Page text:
If you play a “single line” instrument, rather than a keyboard instrument, all the following is irrelevant, unless you want to see HOW HARD the scales are for keyboard exam candidates…
With one week to go before the piano exam, one of my students and I are having a tussle with G# minor scale, contrary motion.
I have to say it is a beast of a scale, but fear won’t help get it learned, neither will panic.
The purpose of this post is to demonstrate how what I call “Hard Thinking” works for learning and hard bit of music;
So, here is the brute in question:
So, we took it slowly, starting with just the first two notes. G# – middle black note, middle fingers, and then G natural in the LH (OK, we all know it is F## but it looks like a G) in LH and A# in the right. Repeat thease two notes, with eyes boring holes in the keys…
Moving on another two notes; E (in LH this time) always coincides with an B (in the RH this time)
Get that properly stuck into the brain – verbalise what you are doing, CONCENTRATE.
The two sharps, C# and D# always happen “at cross purposes”; C# with D# followed by D# with C#.
Another B at the same time as another E.
Another “G natural” with another A#.
Middle fingers on the middle black note. Yay! you’ve done the first octave! Sort out the fingering; REMEMBER when it is “3 over” or “4 over” so you can get back safely.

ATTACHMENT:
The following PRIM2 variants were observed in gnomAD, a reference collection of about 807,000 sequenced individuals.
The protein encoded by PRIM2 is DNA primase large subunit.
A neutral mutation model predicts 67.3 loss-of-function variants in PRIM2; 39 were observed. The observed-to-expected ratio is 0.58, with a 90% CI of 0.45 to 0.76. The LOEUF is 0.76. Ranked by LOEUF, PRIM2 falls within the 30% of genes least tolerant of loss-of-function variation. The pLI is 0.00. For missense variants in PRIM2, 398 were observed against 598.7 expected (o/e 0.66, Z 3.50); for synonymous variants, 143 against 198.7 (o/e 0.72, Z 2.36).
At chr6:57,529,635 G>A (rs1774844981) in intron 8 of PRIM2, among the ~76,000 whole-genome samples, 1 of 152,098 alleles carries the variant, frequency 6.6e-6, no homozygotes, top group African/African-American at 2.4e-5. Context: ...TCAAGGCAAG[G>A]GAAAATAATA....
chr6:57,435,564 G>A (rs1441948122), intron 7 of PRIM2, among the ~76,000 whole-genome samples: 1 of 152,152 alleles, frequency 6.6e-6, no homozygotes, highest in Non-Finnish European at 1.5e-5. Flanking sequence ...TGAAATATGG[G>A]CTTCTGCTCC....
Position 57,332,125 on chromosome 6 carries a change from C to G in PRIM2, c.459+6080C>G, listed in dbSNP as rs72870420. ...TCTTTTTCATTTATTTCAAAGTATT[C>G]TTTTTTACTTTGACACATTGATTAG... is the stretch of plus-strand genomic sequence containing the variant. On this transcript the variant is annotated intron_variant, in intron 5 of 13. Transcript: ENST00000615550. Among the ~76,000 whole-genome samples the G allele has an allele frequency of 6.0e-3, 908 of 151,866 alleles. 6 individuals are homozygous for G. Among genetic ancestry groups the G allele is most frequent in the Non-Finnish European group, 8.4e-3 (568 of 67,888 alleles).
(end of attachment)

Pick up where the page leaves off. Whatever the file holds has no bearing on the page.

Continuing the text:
Now comes the really, really hard part; doing it by yourself, SLOWLY, dragging each step out of your memory before you play the notes, taking your time.
In the end, I had him playing the scale at a snail’s pace to start with, commanding him, willing him, encouraging him to THINK before every step. He desperately wanted to “take a run at it”; the pressure of having to be able to get it sorted within a week was over-ruling the learning process. However, one or two gruelling treks through the jungle soon cleared a path through the notes, and G# minor contrary motion began to emerge with more and more clarity.
This process of slow learning, and slow, determined, careful, dredging through the memory is a useful way of getting to grips with the tough passages. That same method helped us through the chaos of a few bars near the end of the Bach 3-part invention, which was one of those “I can play it perfectly well at home, so why can’t I play it now” moments of near despair, later in the lesson.